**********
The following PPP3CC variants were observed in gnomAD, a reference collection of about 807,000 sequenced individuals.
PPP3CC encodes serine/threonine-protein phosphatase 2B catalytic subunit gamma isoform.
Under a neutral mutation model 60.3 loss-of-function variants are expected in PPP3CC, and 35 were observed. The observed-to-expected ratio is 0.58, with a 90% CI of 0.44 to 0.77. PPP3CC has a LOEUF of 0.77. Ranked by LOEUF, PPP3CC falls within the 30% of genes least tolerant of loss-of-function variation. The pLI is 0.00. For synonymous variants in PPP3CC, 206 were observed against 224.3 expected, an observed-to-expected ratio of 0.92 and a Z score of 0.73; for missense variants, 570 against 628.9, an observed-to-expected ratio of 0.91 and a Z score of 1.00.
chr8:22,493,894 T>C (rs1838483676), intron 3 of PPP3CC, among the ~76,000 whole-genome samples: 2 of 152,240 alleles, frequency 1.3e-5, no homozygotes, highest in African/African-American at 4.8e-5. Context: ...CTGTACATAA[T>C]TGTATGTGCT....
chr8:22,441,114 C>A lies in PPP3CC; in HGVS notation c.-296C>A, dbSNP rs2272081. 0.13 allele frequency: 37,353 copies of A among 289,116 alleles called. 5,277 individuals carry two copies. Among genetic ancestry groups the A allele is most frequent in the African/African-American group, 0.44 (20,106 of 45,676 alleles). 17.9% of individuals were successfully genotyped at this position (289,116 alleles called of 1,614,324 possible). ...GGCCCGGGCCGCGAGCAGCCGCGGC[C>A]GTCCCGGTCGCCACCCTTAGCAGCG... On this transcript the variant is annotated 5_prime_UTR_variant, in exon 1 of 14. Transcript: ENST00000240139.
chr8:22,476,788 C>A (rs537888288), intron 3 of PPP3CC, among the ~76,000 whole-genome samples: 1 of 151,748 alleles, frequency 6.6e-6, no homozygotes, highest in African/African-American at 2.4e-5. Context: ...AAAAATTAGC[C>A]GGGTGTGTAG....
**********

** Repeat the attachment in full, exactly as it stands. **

The following PPP3CC variants were observed in gnomAD, a reference collection of about 807,000 sequenced individuals.
PPP3CC encodes serine/threonine-protein phosphatase 2B catalytic subunit gamma isoform.
Under a neutral mutation model 60.3 loss-of-function variants are expected in PPP3CC, and 35 were observed. The observed-to-expected ratio is 0.58, with a 90% CI of 0.44 to 0.77. PPP3CC has a LOEUF of 0.77. Ranked by LOEUF, PPP3CC falls within the 30% of genes least tolerant of loss-of-function variation. The pLI is 0.00. For synonymous variants in PPP3CC, 206 were observed against 224.3 expected, an observed-to-expected ratio of 0.92 and a Z score of 0.73; for missense variants, 570 against 628.9, an observed-to-expected ratio of 0.91 and a Z score of 1.00.
chr8:22,493,894 T>C (rs1838483676), intron 3 of PPP3CC, among the ~76,000 whole-genome samples: 2 of 152,240 alleles, frequency 1.3e-5, no homozygotes, highest in African/African-American at 4.8e-5. Context: ...CTGTACATAA[T>C]TGTATGTGCT....
chr8:22,441,114 C>A lies in PPP3CC; in HGVS notation c.-296C>A, dbSNP rs2272081. 0.13 allele frequency: 37,353 copies of A among 289,116 alleles called. 5,277 individuals carry two copies. Among genetic ancestry groups the A allele is most frequent in the African/African-American group, 0.44 (20,106 of 45,676 alleles). 17.9% of individuals were successfully genotyped at this position (289,116 alleles called of 1,614,324 possible). ...GGCCCGGGCCGCGAGCAGCCGCGGC[C>A]GTCCCGGTCGCCACCCTTAGCAGCG... On this transcript the variant is annotated 5_prime_UTR_variant, in exon 1 of 14. Transcript: ENST00000240139.
chr8:22,476,788 C>A (rs537888288), intron 3 of PPP3CC, among the ~76,000 whole-genome samples: 1 of 151,748 alleles, frequency 6.6e-6, no homozygotes, highest in African/African-American at 2.4e-5. Context: ...AAAAATTAGC[C>A]GGGTGTGTAG....